LINUS - LIviNg the UniverSity city: student housing as driver of changes
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Cities reinforcing their role as Higher Education Hub are experiencing transformation processes that stress their societies, environment, and economies, posing the well-being of their citizens at stake. In particular, in certain urban areas in Northern Italy, the Higher Education Institutes became key players, acting as magnets for the off-site student population and economic investments, particularly in the real estate sector. This process has seen a series of urban changes and policy narratives accommodating a series of university-led transformations, in particular to the housing sector, with broader consequences for the cities. While the ‘town & gown’ literature has mainly focused either on the positive role of the universities as a factor of growth in the knowledge economy paradigm, or on the negative externalities of students’ growing presence as particular forms of gentrification, very few are known in terms of the relation between city and university, especially in Italy, and how this relationship affects the student housing dynamics. The complex critical interaction between urban strategies and universities’ agenda, housing supply and demands, and struggles for affordable accommodations remains a black box, despite deeply affecting student life and in general the social sustainability of the city. The research project LINUS - LIviNg the UniverSity city, addresses this gap focusing on the student housing dynamics as a driver of urban changes, in which Higher Education Institutes’ attracting policies and the relevant growth of student population in the city stress the accommodation supply. LINUS’ research agenda investigates four cities characterized by the growing pressure on students (Bologna, Milano, Padova, Torino), whose struggle to find adequate housing living conditions is reaching critical levels because of shortages or competing conditions with short-term accommodation supply. The role of universities and their attraction capacity is placed in relation to the city’s urban strategies and student mobilities, pointing at the weakness of a local (university and city) system that struggles to have a clear understanding of the needs of its student population. Student housing is addressed in terms of (a) drivers of urban changes, (b) disrupting factors in the broader housing sector, and (c) causes of specific student-dwelling trajectories. Consequently, LINUS looks at how the universities could set up a monitoring system and operate in a socially responsible way as regards student housing and to foster social inclusion for all citizens, whether part of a permanent or mobile population. An interdisciplinary consortium characterized by four research units brings together competencies in urban studies, spatial planning, urban sociology, and human geography. Members of the units have a long-lasting interest in the topic and have stabilized their cooperation in a recent workshop, which was the trigger for the project design.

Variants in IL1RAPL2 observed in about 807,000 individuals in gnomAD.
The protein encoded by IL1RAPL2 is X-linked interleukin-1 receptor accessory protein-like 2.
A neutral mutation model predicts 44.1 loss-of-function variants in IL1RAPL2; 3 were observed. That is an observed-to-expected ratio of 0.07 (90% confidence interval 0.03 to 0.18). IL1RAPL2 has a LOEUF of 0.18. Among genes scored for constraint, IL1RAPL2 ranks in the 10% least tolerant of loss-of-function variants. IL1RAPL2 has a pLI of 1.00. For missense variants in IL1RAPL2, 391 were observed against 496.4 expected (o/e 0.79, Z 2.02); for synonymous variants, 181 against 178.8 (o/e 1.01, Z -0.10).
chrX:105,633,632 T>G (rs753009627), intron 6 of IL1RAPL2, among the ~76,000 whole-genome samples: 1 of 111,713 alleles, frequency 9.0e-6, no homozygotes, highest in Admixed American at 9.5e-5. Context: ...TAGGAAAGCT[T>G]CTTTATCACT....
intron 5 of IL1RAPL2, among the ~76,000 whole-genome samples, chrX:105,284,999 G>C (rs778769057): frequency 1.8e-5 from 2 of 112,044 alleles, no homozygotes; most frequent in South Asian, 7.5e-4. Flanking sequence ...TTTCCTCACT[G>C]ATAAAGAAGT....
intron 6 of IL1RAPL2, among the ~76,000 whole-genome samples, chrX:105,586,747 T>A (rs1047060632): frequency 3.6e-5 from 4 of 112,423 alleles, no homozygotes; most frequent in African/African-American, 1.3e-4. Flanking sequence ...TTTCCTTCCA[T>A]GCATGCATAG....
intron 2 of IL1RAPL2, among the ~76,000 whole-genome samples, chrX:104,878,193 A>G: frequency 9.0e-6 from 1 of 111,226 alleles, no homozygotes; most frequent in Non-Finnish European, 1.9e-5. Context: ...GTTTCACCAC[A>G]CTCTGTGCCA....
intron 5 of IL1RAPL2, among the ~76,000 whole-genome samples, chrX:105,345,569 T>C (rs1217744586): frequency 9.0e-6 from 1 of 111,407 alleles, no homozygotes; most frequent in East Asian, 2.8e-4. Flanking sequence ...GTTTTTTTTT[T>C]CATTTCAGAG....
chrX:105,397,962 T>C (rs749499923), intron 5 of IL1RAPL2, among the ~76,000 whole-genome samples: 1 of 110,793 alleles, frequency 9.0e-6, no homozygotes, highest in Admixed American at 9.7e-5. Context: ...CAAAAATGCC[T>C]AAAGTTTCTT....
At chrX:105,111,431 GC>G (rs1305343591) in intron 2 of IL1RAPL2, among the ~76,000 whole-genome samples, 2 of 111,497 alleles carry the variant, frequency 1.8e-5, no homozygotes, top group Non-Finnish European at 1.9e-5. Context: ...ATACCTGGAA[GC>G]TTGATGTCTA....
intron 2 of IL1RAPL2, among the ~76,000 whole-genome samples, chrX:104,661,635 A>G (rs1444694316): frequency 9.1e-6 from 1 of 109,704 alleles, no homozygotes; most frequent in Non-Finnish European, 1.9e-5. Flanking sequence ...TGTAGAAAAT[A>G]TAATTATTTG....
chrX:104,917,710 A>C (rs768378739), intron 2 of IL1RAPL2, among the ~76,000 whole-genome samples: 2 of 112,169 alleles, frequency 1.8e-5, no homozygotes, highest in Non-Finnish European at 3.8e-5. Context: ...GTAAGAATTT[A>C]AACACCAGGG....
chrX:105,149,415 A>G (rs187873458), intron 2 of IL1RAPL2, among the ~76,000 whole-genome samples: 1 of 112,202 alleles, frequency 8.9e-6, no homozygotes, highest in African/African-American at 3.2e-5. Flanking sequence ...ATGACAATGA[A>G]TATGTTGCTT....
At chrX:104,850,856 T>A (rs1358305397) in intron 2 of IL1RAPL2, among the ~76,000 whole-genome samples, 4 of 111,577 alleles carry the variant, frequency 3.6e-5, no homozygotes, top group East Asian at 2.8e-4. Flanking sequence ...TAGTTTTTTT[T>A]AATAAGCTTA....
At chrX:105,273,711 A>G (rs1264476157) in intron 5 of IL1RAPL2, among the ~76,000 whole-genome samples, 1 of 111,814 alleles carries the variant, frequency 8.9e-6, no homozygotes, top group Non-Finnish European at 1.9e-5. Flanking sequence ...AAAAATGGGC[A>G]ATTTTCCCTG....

- Loris Antonio Servillo. (Responsabile Scientifico)
Sustainable Development Goals
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